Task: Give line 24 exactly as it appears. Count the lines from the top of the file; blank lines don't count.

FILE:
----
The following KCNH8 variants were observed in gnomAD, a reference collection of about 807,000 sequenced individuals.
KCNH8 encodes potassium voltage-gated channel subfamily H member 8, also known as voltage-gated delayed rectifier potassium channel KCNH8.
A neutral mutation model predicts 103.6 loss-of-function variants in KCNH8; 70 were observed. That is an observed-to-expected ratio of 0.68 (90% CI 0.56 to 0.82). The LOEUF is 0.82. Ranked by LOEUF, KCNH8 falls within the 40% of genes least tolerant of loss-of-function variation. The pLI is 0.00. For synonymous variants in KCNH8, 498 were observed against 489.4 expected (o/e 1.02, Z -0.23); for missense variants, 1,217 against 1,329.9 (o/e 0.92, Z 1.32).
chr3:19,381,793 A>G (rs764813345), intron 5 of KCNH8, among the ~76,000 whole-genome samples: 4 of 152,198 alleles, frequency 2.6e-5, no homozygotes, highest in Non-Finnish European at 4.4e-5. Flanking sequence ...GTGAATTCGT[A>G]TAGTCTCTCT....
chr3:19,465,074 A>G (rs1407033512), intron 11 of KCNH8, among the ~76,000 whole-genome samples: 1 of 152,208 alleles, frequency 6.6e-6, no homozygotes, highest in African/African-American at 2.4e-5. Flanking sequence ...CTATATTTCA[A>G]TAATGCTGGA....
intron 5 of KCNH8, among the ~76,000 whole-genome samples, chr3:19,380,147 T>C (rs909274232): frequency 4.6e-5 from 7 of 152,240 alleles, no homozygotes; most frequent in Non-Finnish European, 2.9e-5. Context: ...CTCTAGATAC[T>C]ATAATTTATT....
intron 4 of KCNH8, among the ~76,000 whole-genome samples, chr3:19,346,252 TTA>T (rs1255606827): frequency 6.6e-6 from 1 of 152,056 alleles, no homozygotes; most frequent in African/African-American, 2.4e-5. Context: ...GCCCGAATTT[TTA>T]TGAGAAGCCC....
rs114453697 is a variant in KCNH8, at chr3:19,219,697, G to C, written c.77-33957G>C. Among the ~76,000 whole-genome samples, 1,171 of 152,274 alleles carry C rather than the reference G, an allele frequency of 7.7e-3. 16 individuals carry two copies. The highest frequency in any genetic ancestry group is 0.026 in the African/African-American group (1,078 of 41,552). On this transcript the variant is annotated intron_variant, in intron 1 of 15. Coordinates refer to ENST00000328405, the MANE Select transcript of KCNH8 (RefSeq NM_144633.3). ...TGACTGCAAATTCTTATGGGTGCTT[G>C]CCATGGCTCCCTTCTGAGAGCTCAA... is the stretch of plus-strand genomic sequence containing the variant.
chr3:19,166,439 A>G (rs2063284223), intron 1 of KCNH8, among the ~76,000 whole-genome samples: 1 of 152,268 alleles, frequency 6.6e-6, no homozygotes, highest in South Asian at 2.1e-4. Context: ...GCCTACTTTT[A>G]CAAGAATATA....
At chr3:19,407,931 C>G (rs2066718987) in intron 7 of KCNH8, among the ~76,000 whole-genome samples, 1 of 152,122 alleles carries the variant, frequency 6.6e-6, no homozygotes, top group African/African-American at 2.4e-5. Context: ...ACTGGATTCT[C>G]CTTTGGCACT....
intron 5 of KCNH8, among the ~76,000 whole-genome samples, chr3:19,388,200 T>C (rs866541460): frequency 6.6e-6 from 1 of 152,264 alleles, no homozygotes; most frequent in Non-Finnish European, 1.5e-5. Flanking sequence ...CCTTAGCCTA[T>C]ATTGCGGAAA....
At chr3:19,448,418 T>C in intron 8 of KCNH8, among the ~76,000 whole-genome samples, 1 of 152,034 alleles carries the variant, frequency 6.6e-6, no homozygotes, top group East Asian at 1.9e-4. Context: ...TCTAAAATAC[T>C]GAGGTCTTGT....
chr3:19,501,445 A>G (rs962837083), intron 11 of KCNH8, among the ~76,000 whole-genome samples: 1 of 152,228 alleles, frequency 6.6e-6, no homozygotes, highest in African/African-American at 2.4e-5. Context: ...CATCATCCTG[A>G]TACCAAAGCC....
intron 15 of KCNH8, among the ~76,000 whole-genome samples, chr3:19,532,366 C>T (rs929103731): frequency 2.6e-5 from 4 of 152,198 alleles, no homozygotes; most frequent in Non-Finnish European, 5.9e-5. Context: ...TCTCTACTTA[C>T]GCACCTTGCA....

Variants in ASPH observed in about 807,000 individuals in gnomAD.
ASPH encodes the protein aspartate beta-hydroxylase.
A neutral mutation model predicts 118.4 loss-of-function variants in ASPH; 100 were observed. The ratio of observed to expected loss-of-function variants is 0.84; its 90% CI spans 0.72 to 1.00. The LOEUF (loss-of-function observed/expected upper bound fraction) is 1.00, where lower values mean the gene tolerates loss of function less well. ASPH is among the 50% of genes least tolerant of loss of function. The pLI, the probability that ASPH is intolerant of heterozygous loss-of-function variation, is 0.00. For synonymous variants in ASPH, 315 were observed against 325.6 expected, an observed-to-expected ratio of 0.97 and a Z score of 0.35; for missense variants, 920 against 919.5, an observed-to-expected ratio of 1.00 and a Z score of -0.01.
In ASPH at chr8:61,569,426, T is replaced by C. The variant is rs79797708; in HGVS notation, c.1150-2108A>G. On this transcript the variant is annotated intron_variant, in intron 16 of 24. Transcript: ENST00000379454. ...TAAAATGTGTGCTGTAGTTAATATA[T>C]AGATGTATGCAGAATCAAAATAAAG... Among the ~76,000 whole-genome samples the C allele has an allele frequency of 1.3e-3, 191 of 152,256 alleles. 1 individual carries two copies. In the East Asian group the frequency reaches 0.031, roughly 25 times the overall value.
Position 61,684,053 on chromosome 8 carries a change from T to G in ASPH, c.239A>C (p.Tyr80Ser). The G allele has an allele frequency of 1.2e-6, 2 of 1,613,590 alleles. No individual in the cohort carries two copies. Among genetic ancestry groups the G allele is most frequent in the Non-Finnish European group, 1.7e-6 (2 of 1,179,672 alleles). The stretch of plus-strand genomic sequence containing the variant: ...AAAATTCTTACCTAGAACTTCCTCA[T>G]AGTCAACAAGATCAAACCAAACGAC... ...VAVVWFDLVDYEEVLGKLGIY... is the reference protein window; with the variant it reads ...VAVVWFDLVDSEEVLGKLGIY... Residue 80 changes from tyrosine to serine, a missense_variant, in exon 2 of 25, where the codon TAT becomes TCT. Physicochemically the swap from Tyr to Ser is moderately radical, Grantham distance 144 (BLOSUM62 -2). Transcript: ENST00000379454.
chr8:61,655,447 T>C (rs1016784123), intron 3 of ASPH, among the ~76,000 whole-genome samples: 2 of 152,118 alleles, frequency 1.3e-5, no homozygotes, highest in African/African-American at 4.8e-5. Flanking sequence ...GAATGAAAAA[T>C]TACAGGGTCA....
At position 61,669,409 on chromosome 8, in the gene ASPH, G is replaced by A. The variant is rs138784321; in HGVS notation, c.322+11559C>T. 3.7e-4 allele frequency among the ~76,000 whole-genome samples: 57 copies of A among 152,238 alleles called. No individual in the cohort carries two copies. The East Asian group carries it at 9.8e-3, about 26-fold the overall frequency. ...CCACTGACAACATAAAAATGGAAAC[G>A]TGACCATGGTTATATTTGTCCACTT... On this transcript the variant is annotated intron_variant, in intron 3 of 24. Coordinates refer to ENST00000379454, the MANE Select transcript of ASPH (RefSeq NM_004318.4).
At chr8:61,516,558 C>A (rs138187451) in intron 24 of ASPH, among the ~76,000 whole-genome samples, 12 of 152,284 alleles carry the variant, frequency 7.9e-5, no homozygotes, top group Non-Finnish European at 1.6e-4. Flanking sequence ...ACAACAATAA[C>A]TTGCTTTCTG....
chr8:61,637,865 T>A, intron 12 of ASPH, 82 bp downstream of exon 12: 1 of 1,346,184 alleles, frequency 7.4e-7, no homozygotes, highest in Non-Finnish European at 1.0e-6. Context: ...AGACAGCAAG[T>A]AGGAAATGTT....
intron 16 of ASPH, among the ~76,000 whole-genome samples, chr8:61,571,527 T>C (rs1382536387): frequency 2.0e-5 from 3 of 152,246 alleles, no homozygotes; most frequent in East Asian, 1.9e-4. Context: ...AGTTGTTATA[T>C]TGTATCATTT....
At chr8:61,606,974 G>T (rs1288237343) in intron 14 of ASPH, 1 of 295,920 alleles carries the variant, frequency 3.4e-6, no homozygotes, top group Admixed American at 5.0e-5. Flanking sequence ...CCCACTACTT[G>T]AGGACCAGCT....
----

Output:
intron 16 of ASPH, among the ~76,000 whole-genome samples, chr8:61,571,527 T>C (rs1382536387): frequency 2.0e-5 from 3 of 152,246 alleles, no homozygotes; most frequent in East Asian, 1.9e-4. Context: ...AGTTGTTATA[T>C]TGTATCATTT....